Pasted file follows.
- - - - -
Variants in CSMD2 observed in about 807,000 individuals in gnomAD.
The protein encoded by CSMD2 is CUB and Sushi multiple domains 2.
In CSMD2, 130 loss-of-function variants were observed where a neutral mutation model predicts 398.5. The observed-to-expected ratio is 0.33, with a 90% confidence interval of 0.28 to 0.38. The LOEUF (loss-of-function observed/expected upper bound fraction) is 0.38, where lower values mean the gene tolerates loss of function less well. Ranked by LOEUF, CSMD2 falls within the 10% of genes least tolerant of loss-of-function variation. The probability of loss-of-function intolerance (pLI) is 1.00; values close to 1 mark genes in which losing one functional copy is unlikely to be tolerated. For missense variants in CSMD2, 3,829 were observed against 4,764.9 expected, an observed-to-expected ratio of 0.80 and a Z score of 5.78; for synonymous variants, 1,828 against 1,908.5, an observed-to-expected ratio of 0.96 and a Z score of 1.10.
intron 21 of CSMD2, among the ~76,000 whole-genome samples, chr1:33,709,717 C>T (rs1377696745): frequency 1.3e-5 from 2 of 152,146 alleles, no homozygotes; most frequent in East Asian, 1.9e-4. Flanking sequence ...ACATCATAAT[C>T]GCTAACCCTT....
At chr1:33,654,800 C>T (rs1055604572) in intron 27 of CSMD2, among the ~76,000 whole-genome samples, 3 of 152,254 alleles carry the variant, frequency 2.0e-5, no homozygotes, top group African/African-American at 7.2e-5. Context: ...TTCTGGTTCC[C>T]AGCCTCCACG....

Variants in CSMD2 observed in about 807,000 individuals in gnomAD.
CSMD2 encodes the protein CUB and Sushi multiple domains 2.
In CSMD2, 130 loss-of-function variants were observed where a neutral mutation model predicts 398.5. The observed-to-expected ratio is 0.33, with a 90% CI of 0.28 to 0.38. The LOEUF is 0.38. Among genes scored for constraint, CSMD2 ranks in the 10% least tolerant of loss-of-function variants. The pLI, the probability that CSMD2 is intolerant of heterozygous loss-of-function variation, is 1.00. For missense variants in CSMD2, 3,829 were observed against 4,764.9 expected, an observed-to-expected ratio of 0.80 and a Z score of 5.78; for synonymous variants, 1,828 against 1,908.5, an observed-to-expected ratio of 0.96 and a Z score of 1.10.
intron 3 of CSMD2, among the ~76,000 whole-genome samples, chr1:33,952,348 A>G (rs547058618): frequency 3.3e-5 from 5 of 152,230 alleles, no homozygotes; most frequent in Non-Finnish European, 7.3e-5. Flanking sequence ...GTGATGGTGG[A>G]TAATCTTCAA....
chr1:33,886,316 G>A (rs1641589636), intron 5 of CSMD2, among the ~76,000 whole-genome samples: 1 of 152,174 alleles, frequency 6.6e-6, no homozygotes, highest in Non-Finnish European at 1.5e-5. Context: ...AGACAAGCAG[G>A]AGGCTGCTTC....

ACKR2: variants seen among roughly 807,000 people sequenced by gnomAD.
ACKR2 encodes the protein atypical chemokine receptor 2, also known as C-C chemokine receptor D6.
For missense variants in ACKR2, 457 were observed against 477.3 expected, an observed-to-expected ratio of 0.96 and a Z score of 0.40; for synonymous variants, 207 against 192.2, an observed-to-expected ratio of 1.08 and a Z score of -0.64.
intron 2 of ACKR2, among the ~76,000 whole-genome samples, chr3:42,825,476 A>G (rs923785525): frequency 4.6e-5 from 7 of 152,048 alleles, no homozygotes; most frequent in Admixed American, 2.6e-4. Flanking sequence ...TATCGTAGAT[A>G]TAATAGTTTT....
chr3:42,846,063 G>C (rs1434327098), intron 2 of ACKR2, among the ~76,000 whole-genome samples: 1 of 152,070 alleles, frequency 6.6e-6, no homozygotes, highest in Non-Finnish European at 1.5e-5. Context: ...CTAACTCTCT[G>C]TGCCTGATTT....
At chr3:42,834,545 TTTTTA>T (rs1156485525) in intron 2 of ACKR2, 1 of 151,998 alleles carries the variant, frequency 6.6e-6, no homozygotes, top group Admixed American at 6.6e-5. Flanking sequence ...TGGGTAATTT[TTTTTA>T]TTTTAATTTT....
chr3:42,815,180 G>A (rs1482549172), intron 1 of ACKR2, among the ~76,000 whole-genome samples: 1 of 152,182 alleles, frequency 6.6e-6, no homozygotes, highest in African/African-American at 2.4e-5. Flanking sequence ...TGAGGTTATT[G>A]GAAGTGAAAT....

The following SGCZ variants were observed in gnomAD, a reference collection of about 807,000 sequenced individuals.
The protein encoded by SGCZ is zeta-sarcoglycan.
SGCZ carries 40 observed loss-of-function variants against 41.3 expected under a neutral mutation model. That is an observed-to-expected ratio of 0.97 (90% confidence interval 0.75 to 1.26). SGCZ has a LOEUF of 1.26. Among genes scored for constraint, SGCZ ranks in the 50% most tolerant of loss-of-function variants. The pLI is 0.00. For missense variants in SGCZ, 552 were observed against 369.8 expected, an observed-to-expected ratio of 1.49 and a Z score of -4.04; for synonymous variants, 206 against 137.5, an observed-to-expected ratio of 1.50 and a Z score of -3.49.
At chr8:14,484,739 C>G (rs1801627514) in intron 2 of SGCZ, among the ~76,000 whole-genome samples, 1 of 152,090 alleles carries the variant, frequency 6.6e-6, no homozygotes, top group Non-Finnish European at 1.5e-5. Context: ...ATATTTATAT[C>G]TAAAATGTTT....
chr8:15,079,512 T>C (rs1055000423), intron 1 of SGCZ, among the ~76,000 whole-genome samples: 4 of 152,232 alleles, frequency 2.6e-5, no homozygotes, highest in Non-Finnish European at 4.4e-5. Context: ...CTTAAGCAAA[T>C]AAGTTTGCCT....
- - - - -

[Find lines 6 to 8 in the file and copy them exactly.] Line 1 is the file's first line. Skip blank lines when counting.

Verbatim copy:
Variants in CSMD2 observed in about 807,000 individuals in gnomAD.
CSMD2 encodes the protein CUB and Sushi multiple domains 2.
In CSMD2, 130 loss-of-function variants were observed where a neutral mutation model predicts 398.5. The observed-to-expected ratio is 0.33, with a 90% CI of 0.28 to 0.38. The LOEUF is 0.38. Among genes scored for constraint, CSMD2 ranks in the 10% least tolerant of loss-of-function variants. The pLI, the probability that CSMD2 is intolerant of heterozygous loss-of-function variation, is 1.00. For missense variants in CSMD2, 3,829 were observed against 4,764.9 expected, an observed-to-expected ratio of 0.80 and a Z score of 5.78; for synonymous variants, 1,828 against 1,908.5, an observed-to-expected ratio of 0.96 and a Z score of 1.10.